Updated: October 02, 2019 10:47 PM
Created: October 02, 2019 10:46 PM
(ABC 6 News) -- For the first time in more than 30 years, the Minnesota House of Representatives is bringing the legislature to the people; making sure those living outside of the metro area have the chance to be heard.
A three-day mini-session is underway. More than 100 members are getting together in Winona and holding public hearings throughout southeastern communities.
Wednesday evening, Representatives were in Rochester talking about the price of prescription drugs.
Pharmacists and physicians had the chance to weigh in on the matter.
“Rebates are rarely –if ever – passed on to the end payer to decrease the cost of healthcare and that’s a crime,” said Deborah Keaveny, Owner of Keaveny Drug. “With 89% of my business, the price is dictated by a third party.”
High prescription drug prices also impact thousands of Minnesotans who rely on medication to survive.
“We have very few manufacturers who kind of have a monopoly, patents keep getting renewed,” said Representative Tina Liebling, Chair of the Health and Human Services Policy Committee. “It sets up a recipe for the exploitation of patients.”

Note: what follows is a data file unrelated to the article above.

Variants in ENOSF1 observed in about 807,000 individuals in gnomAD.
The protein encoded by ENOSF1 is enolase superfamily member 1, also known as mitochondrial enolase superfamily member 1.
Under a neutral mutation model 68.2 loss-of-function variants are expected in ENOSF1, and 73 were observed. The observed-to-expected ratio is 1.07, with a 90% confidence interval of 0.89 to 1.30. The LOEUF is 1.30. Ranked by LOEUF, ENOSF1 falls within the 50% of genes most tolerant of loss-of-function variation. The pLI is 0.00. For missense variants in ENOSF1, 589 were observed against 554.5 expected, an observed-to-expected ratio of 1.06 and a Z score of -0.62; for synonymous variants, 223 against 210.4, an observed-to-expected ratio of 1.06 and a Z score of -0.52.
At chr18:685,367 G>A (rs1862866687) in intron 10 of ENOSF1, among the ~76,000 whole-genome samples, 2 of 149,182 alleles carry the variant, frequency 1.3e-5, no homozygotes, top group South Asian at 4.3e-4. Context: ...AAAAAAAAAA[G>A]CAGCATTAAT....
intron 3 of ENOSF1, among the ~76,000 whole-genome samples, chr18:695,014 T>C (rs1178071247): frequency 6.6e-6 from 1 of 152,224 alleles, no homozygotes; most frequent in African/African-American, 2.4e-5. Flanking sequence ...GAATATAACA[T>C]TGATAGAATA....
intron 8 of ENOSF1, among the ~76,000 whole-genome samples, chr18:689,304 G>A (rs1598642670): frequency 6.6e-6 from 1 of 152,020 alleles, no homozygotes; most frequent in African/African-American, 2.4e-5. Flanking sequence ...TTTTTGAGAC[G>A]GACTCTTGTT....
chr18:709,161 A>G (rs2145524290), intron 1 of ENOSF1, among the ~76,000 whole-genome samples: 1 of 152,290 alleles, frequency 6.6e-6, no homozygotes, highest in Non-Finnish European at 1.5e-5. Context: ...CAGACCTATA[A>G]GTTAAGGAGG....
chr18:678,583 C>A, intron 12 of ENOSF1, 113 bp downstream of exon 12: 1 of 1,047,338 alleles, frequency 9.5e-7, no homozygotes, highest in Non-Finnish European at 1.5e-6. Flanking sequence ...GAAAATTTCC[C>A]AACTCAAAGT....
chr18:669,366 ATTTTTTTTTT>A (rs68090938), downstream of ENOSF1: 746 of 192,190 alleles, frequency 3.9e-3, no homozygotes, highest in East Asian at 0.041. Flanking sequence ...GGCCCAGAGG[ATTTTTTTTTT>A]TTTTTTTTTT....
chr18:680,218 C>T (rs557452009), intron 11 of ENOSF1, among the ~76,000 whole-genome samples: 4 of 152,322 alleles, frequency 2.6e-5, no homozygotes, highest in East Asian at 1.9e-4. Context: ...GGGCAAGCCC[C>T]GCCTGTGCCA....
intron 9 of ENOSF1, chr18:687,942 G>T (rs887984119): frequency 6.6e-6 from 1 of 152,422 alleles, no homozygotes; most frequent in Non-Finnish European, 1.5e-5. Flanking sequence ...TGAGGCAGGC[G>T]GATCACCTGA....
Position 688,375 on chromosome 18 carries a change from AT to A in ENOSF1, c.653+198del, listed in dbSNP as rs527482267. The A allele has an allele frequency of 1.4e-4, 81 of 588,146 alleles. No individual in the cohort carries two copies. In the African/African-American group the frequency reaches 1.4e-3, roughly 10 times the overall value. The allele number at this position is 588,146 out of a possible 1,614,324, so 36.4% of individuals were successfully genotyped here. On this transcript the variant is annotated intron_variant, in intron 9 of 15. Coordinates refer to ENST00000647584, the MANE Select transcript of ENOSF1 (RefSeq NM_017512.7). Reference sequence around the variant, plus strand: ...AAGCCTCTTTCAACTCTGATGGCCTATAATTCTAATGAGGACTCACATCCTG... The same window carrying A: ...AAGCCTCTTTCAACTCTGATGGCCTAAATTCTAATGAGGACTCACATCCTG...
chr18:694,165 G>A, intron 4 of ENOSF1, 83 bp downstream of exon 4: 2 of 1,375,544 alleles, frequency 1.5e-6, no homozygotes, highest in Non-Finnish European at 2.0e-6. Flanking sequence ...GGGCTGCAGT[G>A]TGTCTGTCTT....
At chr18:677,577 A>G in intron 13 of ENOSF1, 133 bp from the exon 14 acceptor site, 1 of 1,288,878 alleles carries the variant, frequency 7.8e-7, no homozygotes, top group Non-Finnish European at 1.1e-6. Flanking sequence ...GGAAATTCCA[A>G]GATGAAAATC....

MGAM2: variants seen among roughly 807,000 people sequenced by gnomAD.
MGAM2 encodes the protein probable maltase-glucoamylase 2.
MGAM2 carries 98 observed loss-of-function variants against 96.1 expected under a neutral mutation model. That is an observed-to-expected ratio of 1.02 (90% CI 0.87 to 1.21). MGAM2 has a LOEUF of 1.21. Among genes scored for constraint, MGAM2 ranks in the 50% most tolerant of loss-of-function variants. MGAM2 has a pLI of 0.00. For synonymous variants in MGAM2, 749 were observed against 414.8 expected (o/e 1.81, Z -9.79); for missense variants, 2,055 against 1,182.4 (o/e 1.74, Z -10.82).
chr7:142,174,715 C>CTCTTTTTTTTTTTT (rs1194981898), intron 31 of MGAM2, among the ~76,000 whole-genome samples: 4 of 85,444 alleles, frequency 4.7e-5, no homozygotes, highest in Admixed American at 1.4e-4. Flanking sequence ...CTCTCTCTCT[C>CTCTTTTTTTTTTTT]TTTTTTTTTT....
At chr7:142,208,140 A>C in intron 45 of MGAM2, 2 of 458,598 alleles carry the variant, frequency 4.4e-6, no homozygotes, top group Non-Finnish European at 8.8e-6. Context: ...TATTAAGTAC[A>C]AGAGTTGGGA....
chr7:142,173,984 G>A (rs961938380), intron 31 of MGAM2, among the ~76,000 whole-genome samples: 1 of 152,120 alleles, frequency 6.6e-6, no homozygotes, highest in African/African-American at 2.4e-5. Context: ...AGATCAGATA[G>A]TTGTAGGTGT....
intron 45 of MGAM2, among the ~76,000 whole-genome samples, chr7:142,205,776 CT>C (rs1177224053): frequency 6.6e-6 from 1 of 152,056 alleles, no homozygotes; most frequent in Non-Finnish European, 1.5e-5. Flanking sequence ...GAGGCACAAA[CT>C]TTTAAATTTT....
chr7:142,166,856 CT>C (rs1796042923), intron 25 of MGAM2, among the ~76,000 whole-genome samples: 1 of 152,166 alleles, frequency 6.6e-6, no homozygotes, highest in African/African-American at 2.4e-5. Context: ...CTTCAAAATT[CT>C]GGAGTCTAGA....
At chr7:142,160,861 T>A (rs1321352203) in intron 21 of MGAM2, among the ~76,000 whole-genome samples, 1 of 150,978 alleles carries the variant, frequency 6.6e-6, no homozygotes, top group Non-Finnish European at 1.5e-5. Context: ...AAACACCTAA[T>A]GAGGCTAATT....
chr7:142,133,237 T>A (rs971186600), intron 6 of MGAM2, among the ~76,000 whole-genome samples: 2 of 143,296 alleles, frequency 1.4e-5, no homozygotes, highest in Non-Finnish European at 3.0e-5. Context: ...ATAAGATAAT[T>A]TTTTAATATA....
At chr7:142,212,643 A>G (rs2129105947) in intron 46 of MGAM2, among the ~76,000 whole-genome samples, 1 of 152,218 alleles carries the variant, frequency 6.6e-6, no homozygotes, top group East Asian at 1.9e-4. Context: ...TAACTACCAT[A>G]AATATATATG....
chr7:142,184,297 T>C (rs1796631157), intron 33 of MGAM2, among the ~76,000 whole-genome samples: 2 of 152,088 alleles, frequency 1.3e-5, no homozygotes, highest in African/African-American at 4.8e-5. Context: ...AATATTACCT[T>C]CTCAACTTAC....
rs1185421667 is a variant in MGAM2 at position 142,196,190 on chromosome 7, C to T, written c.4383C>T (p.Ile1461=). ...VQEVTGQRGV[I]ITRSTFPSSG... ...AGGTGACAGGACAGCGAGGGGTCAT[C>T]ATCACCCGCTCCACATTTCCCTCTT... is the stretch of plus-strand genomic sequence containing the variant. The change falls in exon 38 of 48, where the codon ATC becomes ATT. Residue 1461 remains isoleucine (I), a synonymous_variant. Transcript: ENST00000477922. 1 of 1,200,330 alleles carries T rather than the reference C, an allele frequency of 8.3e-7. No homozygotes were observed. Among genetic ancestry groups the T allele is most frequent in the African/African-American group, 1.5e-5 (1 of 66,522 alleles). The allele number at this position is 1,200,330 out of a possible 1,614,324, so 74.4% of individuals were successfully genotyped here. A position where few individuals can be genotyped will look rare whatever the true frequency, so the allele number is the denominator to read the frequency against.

A potential solution that was presented at the meeting is establishing nonprofit generic drug companies to increase supply at lower prices.
“Civica Rx is looking at making drugs that are in short supply. They have committed to making 17 drugs that will be available in the next 6 months,” said Dr. Eric Tichy, the Vice-Chair of Pharmacy Supply Solutions at Mayo Clinic. “As large as Mayo Clinic is, it's not nearly large enough to establish those types of relationships with manufacturers or even consider making its manufacturing facilities, so by working with thousands of other hospitals we can gain that scale and have enough market power to do that.”
However, to see real change, some of it falls on state government.
In the last session, several bills were introduced to combat high drug prices. One requires manufacturers to give information about why they are raising prices. Another takes the transparency further; allowing the state to step in and say "No" to a price increase. A third uses the buying power of the state to drive down prices.
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